Jorge Moll: What it takes to be a Successful Neurologist

Jorge Moll’s journey to success is quite inspiring and eye-opening. In a recent interview with Steven Smith, he talked about issues that helped shed light on his career, family, and business. Jorge Moll is the President, Director, and board member of the Institute for Research and Education (IDOR). The idea to establish IDOR started from his vision to promote health care innovation, education and research in Brazil and beyond. His desire of seeing his dream come true was the reason he overcame all challenges associated with a not-for-profit organization.

 

As a researcher and the head of IDOR, a typical day for Jorge Moll begins with meetings to discuss rising matters regarding current research topics. Further, he identifies free expression of ideas as essential for effective communication during the sessions, as it allows people to be open about their perceptions on different issues. He also explained that choosing the ideal idea among several ideas is a prerequisite for achieving development, and collaborating with like-minded teams enhances the chance of the idea succeeding.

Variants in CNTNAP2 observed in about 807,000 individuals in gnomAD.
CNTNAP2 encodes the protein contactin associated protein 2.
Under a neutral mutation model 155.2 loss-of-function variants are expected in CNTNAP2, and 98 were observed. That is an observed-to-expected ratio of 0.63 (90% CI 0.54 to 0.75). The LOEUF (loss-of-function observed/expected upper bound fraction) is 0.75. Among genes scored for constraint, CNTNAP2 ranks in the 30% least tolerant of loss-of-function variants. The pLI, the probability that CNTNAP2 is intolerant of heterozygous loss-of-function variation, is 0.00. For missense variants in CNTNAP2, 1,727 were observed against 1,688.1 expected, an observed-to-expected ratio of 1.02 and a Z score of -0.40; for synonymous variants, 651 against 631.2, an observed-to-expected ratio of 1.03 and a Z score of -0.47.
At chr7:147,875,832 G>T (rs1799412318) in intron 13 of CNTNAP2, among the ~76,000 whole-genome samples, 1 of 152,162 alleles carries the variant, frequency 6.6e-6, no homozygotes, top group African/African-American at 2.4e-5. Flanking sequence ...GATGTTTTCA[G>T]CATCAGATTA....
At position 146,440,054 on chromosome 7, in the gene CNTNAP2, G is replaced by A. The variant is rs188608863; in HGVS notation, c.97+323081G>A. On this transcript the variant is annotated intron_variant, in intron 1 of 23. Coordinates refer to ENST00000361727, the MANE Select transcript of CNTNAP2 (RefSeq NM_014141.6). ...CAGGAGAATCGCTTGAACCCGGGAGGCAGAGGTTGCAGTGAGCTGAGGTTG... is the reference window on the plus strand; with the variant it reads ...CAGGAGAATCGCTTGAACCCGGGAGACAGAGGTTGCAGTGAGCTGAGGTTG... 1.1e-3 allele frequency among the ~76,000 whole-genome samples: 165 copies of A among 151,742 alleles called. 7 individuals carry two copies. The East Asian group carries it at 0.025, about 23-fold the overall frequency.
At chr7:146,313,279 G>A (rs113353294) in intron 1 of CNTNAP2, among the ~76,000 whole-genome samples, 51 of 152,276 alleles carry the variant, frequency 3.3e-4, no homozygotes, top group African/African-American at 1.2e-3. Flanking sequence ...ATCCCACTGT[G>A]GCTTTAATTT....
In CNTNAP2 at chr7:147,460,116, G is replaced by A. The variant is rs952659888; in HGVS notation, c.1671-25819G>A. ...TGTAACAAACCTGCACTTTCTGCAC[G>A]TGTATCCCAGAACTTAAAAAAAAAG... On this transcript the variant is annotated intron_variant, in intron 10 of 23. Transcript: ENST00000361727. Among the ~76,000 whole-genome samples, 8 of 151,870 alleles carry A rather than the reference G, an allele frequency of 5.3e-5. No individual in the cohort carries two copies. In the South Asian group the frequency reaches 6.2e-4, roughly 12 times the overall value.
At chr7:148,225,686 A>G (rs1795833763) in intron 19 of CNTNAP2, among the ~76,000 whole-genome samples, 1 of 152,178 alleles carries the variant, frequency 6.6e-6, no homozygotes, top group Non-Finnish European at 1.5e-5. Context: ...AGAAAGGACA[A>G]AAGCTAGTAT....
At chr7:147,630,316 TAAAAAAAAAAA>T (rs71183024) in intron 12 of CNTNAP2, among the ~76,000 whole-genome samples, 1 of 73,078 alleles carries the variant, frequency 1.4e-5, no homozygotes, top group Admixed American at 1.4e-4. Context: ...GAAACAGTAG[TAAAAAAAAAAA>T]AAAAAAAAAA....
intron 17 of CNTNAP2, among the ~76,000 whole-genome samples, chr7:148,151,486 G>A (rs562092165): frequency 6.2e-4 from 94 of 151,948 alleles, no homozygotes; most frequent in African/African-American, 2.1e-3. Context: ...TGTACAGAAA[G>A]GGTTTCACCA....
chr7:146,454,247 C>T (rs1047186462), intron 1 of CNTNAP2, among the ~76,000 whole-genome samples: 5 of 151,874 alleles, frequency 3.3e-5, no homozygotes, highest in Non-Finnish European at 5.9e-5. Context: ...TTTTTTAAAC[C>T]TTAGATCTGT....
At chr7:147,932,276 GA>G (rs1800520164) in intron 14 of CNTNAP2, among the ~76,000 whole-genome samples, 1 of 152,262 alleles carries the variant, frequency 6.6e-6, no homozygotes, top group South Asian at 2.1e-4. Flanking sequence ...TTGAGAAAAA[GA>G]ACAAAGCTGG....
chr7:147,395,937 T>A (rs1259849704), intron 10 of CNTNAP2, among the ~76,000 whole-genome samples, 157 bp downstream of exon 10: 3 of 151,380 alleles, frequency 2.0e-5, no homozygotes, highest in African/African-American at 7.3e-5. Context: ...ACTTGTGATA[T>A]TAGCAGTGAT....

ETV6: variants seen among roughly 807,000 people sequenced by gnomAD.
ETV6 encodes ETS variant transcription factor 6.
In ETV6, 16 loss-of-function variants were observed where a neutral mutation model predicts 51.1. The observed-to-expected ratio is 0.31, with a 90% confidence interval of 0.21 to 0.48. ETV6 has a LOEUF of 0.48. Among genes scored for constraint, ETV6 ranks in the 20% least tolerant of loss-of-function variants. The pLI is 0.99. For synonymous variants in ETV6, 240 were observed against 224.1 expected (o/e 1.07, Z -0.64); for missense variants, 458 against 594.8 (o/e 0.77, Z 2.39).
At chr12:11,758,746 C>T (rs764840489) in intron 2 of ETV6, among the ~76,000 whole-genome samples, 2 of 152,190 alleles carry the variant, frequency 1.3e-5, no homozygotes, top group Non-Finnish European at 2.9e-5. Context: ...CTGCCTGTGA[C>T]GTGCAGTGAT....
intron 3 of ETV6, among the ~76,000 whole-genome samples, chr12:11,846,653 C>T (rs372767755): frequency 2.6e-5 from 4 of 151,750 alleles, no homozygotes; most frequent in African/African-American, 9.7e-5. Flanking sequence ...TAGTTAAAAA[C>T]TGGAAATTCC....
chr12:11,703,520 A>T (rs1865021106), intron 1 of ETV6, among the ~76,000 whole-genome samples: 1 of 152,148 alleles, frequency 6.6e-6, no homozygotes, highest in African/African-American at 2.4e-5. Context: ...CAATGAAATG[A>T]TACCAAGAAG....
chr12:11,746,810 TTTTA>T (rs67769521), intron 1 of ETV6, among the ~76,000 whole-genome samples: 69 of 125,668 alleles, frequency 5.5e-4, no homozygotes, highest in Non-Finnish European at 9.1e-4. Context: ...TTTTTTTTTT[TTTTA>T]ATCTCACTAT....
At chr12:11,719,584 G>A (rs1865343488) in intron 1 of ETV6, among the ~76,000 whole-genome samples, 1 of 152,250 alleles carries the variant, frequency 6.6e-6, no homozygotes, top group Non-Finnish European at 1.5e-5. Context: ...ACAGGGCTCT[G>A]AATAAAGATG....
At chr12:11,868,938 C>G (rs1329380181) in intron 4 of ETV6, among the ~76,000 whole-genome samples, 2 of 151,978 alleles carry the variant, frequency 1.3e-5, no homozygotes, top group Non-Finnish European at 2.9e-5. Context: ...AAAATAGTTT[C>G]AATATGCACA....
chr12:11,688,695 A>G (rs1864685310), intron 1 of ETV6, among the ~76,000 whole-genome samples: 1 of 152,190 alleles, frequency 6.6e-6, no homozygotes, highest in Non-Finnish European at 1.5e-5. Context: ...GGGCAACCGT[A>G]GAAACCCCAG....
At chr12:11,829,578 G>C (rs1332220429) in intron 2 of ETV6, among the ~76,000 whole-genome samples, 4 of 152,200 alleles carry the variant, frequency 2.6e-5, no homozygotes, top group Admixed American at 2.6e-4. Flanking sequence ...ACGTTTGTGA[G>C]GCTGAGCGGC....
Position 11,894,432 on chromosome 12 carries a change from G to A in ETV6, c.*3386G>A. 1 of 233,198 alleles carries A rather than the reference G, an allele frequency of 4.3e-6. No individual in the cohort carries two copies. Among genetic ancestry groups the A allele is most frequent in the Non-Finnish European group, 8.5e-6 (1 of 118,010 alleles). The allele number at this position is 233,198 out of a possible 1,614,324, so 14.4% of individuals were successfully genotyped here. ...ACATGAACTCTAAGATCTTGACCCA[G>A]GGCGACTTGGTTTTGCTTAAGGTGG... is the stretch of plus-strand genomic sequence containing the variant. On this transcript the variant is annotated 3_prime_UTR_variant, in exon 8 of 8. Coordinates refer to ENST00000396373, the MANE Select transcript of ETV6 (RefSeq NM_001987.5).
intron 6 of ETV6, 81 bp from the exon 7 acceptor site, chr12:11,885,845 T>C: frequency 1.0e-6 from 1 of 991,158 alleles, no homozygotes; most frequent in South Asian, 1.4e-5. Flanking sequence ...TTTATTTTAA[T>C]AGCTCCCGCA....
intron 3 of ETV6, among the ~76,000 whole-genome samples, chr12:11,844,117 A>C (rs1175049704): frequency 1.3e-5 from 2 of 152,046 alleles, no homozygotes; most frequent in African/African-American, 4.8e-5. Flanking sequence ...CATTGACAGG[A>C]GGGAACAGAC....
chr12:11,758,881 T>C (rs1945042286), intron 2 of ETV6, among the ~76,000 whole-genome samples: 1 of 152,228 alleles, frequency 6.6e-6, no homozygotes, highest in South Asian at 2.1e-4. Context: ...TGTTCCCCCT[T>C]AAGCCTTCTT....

On entrepreneurship, Jorge Moll was clear on habits that define success; he said that it’s often wise to frequently review your model of success rather than doing the same thing over and over again. He added that believing in his ability to change his reality, in addition to accomplishing tasks that help improve the lives of others, are his success strategies. His ultimate intention is to develop a program that meets the needs of patients visiting hospitals.

 

Jorge Moll’s journey to success began in Federal University of Rio de Janeiro where he earned his medical degree in 1994. He went ahead to earn a doctoral degree in experimental pathophysiology in 2004. He was elected an affiliate member of the Brazilian Academy of Science (2012-2013). Besides his academic and professional achievements, Jorge Moll was honored with the Visiting Scholar Award from Stanford University in 2015, on top of the Research Fellow accolade that he earned in 2007. He heads the Cognitive Neuroscience Unit and Neuroinformatics Workgroup and IDOR.

 

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